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Nokia N900
N900 promises PC like multitasking capability

Nokia is looking for every edge it can sharpen in its fight with Apple and RIM for the high-end smartphone market. Smartphones are growing in popularity and Nokia is seeing its market share drop faster than average rates in the industry.

DailyTech reported yesterday that Nokia would be unveiling a new high-end smartphone at Nokia World that ran Maemo. Today Nokia has made the Linux-derived Maemo device a reality with the official announcement.

The new Nokia N900 packs an ARM Coretex-A8 CPU in with up to 1GB of application memory and OpenGL ES 2.0 graphics acceleration. According to Nokia, the result of the powerful processor and the Maemo OS is that users of the N900 get a PC-like multitasking experience. Nokia says the power of the N900 allows many applications to run simultaneously.

The N900 features a slide-out QWERTY keyboard and supports up to ten personal email addresses. The device is designed for easy texting and email and sports 32GB of onboard storage. Memory expansion is offered with up to 16GB via a microSD card. The device sports a 5-megapixel camera with Carl Zeiss optics.

"With Linux software, Mozilla-based browser technology and now also with cellular connectivity, the Nokia N900 delivers a powerful mobile experience," says Anssi Vanjoki, Executive Vice President, Markets, Nokia. "The Nokia N900 shows where we are going with Maemo and we'll continue to work with the community to push the software forward. What we have with Maemo is something that is fusing the power of the computer, the internet and the mobile phone, and it is great to see that it is evolving in exciting ways."

Nokia says its N900 supports Adobe Flash 9.4, something lacking from the iPhone. Other features of the handset include a high-resolution WVGA touch screen, HSPA internet connectivity and integrated Wi-Fi. The handset runs the Mozilla web browser. Nokia expects to launch the N900 in October for select markets at a price of 500 EUR.



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RE: Looks....
By munky on 8/28/2009 3:43:37 PM , Rating: 4
Are you kidding me? The image quality depends on the size of the sensor, not how many megapixels are crammed into it. I'm using a 6MP DSLR that would absolutely blow away any 12-14MP compact or phone camera. In fact, image quality starts to degrade when you have too many megapixels.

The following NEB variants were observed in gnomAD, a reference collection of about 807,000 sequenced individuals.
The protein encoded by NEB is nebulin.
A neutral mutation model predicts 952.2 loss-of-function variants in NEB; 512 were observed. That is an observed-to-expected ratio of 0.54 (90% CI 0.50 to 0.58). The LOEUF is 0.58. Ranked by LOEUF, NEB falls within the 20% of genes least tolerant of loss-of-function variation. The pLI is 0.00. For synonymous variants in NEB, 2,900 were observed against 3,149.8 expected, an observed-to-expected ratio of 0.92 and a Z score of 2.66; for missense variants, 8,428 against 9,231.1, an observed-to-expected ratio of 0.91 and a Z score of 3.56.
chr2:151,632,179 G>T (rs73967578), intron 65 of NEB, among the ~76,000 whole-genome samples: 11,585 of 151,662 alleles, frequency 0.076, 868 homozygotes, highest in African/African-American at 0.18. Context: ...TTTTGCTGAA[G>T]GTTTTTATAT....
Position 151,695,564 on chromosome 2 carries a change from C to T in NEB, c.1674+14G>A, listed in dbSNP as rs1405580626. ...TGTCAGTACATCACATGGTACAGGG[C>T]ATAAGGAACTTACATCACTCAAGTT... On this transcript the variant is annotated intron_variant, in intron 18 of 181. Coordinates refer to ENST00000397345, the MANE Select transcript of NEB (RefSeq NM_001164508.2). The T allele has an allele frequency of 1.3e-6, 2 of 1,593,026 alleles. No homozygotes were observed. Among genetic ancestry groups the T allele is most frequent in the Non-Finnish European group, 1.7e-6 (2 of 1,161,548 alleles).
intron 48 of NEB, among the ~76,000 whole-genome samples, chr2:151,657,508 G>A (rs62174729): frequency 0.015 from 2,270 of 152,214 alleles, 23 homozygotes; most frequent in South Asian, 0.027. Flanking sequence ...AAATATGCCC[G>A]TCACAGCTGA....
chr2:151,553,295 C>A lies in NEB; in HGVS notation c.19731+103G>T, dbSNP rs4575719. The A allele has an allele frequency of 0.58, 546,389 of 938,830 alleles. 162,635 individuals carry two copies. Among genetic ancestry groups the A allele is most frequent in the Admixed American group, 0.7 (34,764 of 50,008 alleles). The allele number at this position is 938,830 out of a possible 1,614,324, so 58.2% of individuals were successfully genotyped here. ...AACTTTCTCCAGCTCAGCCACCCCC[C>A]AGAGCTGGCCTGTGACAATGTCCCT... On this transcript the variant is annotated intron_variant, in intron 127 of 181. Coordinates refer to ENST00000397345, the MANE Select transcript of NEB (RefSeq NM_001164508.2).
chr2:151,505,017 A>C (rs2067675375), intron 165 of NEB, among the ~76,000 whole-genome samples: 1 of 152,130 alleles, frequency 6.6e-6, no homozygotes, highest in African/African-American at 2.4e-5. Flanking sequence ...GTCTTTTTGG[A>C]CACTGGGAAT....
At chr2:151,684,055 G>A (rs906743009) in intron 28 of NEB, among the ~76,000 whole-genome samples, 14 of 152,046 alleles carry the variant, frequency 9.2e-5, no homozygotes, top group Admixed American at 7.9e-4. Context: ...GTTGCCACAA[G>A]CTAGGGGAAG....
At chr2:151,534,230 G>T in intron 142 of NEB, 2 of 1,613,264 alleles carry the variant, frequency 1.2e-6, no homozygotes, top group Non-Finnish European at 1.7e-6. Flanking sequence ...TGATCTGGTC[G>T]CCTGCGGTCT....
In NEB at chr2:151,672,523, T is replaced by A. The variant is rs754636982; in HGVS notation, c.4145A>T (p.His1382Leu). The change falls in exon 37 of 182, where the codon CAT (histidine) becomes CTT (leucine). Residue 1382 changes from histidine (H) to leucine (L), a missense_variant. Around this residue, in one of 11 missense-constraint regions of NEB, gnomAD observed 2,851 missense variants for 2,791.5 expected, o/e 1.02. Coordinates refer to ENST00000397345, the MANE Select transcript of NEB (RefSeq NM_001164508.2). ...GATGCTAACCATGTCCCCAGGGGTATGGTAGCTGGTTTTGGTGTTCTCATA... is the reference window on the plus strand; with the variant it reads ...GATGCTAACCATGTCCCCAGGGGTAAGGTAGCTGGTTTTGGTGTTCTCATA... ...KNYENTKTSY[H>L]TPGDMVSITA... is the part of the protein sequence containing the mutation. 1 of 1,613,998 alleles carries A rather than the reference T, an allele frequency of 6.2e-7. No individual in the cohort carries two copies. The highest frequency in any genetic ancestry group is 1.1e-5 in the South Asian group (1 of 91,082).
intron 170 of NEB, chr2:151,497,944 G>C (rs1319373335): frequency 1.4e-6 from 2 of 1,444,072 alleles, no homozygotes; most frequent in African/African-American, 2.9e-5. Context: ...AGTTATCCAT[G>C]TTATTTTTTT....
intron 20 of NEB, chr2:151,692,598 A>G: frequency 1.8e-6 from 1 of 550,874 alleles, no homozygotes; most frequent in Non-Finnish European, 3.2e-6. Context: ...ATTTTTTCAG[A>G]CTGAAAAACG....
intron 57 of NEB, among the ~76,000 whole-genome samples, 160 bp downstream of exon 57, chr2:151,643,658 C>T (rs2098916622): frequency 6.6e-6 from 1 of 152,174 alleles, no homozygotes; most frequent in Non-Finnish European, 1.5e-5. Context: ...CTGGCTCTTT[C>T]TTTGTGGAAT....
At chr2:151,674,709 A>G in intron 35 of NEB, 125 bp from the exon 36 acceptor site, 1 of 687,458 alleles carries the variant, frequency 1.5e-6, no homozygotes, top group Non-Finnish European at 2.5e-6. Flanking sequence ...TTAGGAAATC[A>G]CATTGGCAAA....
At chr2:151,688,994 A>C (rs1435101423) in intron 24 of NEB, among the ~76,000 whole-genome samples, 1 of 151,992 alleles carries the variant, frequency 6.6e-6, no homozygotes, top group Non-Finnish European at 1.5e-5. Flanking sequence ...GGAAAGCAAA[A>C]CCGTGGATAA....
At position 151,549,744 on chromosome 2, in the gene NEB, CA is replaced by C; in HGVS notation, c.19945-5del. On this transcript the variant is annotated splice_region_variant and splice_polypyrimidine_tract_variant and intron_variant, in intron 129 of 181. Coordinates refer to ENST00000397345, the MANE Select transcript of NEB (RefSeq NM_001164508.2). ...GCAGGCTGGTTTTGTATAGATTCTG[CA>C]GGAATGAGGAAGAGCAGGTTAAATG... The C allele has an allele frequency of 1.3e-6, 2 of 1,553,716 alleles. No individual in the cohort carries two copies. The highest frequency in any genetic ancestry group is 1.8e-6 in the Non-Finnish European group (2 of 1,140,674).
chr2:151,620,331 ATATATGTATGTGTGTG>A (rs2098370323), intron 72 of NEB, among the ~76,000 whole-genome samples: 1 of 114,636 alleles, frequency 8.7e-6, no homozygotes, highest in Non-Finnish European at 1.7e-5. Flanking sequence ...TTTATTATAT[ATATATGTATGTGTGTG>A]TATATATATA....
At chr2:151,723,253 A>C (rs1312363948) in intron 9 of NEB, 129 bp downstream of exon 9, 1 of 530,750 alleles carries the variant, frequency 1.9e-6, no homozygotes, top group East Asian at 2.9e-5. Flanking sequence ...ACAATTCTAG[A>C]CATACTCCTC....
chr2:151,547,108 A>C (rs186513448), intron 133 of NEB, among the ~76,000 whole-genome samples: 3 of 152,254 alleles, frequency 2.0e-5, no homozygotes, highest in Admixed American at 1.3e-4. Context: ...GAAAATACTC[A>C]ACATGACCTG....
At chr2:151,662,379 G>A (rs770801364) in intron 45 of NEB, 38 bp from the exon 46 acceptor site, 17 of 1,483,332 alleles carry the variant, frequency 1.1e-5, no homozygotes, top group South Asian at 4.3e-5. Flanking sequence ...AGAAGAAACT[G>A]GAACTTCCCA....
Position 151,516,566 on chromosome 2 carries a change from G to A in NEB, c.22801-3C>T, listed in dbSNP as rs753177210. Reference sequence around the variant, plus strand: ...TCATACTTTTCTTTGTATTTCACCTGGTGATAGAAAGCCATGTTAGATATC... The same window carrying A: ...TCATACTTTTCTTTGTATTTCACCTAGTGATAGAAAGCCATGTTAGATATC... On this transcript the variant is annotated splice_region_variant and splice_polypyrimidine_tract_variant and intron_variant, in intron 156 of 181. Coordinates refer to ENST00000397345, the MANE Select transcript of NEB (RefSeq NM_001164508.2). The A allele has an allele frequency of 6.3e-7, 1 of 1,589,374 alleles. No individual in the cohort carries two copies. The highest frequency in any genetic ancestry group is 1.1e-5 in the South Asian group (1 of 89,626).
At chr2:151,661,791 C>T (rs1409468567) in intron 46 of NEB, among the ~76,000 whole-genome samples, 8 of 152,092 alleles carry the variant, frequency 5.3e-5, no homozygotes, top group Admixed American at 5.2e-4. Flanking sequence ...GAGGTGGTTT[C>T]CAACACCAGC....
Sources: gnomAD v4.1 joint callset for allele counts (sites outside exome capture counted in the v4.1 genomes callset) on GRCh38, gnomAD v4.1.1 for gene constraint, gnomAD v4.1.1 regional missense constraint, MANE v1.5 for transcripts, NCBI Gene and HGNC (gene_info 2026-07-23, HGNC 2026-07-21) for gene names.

RE: Looks....
By themaster08 on 8/28/2009 7:46:47 PM , Rating: 1
No, I'm not kidding.

1)Each of these 5 megapixel cameras in their past and present flagship devices have only seen very minor increases in image quality, and I'm sure this is no exception. The hardware in these cameras is more or less exactly the same. The only difference is tweaking of software which results in only minor image quality increases.

2)Numbers talk. People look at a 5 megapixel camera in a mobile phone and see this as the norm. There's no wow factor.

Look at the likes of Sony Ericsson, Samsung and LG pushing 8 megapixels on their flagship devices.

3)Nokia already have an 8 megapixel camera in the N86, which is known to be better quality than the 5 megapixel camera in the N97. However, the N86 is not considered Nokia's flagship device.
Shouldn't a flagship device incorporate the very best of everything the company has to offer at that particular time? Nokia obviously have something available that is better, why not include it?

4)Using your DSLR camera as a comparison is moot. Mobile phone cameras have much smaller lenses than your regular digital camera, especially SLR's. Thus mobile phone cameras will never surpass the image quality of your regular or SLR digital camera.


"Spreading the rumors, it's very easy because the people who write about Apple want that story, and you can claim its credible because you spoke to someone at Apple." -- Investment guru Jim Cramer

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